When one of Kerisse Hutchinson’s acting teachers told her she should create a show about the late Lisa "Left Eye" Lopes, singer with the R&B/hip-hop group TLC, Hutchinson wasn’t convinced that she should exploit her physical resemblance to Lopes in that manner.
But when Hutchinson saw a documentary film about Lopes at the South by Southwest Film Festival in 2007, she realized she should start doing some research for a one-woman show.
“I did two years of research,” she says via phone from her Atlanta home. Hutchinson brings her one-woman show, 2 the Left: A Tribute to the Life of Lisa “Left Eye” Lopes
, to Cibreo Privato next week for performances that take place at 9 p.m. on Friday, July 26, and at noon and 8 p.m. on Saturday, July 27. It’s one of many shows that’s part of next week's BorderLight Festival. Tickets
to the festival are currently on sale now, and Scene
readers get $2 off each ticket with the promo code SCENE. “I knew about her music, but I didn’t know about her other than she burned down a house. I learned she has so many layers. I started writing it and then reached out to her family in 2013 to let them know that I was doing something about their family member. Since then, they’ve been fully on board.”
After the BorderLight Festival shows, Hutchinson will hold down a ten-day residency at the Synchronicity Theatre in Midtown Atlanta.
The talented Lopes began playing music at an early age, and her remarkable talent isn’t lost on Hutchinson.
“She played piano without ever being taught,” she says of Lopes. “Her whole family is very artistic. Her dad played a bunch of instruments and her mother made things out of wood. When she was young, she was very creative. She just kept expanding her artistry.”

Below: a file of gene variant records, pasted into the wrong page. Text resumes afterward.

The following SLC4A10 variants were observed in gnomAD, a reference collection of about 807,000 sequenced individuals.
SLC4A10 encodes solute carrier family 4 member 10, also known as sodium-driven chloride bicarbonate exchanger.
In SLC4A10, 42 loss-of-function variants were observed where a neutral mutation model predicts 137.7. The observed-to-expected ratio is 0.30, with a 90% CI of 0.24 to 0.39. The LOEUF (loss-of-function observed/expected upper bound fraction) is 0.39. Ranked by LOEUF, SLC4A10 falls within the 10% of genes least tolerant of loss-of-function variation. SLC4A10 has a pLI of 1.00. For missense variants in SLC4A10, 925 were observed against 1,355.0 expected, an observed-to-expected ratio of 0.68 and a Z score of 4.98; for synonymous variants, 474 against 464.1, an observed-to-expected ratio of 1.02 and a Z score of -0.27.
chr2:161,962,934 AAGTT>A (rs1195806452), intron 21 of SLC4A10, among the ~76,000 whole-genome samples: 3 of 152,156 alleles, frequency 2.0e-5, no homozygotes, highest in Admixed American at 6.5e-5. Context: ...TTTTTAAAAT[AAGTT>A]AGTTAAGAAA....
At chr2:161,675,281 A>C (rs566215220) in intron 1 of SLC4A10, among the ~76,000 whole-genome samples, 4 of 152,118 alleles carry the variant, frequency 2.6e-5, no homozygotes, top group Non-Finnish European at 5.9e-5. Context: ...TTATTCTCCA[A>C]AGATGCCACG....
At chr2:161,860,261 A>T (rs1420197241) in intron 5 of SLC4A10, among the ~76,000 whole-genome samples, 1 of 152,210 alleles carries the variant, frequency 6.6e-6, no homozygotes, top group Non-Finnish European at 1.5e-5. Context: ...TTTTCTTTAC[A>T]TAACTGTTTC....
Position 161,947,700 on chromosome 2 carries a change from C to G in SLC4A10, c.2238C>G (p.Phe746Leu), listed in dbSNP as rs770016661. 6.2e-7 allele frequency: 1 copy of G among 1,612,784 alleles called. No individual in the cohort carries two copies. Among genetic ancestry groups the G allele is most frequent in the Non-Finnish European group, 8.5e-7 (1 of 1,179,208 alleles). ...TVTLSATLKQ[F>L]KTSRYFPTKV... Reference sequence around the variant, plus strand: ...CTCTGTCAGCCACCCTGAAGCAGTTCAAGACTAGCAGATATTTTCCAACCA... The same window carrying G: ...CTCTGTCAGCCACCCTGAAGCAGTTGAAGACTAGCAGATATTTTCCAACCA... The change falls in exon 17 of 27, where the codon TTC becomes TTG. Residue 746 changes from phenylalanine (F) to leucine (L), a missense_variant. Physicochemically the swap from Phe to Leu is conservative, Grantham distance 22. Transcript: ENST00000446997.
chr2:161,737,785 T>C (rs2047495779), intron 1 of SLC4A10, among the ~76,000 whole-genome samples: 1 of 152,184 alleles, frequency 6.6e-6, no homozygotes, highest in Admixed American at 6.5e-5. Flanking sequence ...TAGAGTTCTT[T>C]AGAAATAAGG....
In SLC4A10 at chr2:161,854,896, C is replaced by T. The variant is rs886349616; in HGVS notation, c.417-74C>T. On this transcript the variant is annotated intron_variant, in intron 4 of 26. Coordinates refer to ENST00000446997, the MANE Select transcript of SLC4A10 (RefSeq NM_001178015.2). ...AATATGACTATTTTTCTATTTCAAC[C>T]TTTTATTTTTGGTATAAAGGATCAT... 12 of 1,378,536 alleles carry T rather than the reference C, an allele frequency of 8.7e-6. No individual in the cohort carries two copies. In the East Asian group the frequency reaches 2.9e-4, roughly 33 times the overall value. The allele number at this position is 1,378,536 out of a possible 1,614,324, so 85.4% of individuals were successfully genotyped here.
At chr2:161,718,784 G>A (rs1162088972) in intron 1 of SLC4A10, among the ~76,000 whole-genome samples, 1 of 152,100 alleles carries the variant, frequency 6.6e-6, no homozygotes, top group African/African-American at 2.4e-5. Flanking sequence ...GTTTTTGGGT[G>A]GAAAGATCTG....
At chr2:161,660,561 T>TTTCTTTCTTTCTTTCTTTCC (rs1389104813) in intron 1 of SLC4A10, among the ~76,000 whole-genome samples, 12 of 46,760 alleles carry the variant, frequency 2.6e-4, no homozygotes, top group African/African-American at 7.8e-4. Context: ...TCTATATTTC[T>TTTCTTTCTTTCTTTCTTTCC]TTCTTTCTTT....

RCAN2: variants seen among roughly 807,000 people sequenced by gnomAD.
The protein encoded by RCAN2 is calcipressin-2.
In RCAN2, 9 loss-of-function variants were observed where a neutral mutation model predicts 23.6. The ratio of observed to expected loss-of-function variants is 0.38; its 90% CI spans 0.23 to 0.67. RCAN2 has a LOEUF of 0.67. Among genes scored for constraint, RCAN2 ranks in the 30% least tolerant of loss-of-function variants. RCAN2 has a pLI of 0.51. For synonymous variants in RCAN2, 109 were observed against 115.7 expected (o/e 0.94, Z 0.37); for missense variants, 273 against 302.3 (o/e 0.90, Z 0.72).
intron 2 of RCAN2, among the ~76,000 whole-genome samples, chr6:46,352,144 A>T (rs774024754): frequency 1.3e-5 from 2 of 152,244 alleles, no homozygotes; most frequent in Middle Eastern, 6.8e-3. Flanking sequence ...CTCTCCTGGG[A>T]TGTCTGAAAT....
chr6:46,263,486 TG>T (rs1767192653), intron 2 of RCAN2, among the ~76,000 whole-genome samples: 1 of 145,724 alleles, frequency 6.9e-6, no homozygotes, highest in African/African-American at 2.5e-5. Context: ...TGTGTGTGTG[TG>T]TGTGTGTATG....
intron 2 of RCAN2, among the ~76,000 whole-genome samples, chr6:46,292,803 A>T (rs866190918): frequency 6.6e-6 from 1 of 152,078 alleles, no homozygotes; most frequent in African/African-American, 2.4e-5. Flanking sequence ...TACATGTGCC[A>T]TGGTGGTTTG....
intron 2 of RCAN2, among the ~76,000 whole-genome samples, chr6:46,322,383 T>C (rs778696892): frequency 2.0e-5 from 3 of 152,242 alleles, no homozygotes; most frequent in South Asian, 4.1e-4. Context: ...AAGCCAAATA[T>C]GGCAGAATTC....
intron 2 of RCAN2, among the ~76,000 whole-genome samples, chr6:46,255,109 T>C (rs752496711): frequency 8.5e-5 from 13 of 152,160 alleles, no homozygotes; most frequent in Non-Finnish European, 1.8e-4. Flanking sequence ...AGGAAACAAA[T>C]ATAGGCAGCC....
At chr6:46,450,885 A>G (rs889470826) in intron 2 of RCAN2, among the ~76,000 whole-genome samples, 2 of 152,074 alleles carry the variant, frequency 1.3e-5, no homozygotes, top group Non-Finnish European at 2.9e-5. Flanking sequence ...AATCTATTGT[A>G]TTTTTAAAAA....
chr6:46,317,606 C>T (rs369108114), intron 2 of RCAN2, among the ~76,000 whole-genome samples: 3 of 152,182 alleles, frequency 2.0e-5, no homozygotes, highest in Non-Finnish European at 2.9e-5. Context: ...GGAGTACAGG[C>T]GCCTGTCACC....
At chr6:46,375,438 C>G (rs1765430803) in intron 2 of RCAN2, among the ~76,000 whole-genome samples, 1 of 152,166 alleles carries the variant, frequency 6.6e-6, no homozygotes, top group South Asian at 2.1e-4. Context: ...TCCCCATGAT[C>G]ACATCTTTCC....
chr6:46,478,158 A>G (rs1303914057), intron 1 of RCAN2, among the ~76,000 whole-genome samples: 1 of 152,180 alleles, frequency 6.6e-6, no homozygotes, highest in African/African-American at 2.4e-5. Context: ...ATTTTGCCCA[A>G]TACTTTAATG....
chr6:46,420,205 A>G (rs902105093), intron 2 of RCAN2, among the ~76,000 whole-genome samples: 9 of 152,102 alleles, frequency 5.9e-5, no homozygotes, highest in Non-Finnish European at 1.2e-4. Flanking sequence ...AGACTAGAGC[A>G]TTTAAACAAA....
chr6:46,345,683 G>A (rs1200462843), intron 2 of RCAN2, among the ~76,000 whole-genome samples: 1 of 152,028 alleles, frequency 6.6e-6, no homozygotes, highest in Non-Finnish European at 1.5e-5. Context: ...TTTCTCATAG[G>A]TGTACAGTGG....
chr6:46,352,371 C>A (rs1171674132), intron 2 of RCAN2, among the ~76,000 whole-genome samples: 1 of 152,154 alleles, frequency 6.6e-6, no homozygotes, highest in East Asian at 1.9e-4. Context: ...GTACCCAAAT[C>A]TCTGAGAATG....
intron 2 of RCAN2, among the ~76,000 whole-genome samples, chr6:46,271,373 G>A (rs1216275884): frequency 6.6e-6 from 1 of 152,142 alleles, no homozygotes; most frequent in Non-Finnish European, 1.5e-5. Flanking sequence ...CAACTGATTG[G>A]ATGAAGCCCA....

TLC’s first album was a hit right out of the gates, and the follow-up album, CrazySexyCool
, connected strongly with fans and established that the group wasn’t just another R&B/hip-hop act.
“They didn’t do things by the book,” says Hutchinson. “I feel like they all could have had solo projects. Hip-hop and pop fusion I think started with them. They were very real. They weren’t glammed up, but they were all beautiful in three different ways. Women connected to them because they wanted to be like them and because they didn’t have to show off their boobs. Men connected to them. They were before their time. Lisa wrote eight songs on that first album and helped develop their image.”
Hutchinson doesn’t refrain from depicting Lopes’ volatile relationship with Atlanta Falcon Andre Rison.
“I go all in,” she says. “I think they loved hard and fought hard. There was nothing but drama and love. Were they good for each other? No. But they had a lot of things in common. She had a good relationship with Tupac, which I touch on, who was her spiritual partner.”
Lopes’ tragic death in a car crash in Honduras forms what Hutchinson says is the show’s “main crux.”
“She just turned 30 and had these premonitions,” she says. “She knows that something is going to happen, and she’s trying to figure out what her legacy will be. That’s where her spiritual journey begins. She’s trying to figure out why she’s here. She knew she was going to die, whatever people think of that. She was surrounded by death a lot. I take the audience through that.”
Since it’s a one-woman show, Hutchinson handles all the dancing and singing and acting, something that she says has taken hours upon hours of rehearsal to perfect.
“It’s been challenging for me to step into her shoes for an hour-and-a-half,” she says. “My director likes to say, ‘Well, you wrote it.’ It’s exhausting, but I can’t hold back when I do it. For a one-person show, that’s the one thing everyone says. You have to make sure you’re fit. And that’s for shows that don’t even involve singing and dancing. But it’s been such a fulfilling journey. I can now call her family friends, and they invite me to the birthday parties. It’s been such a rewarding experience. I never knew it would take me on this journey when I started writing the show all those years ago.”
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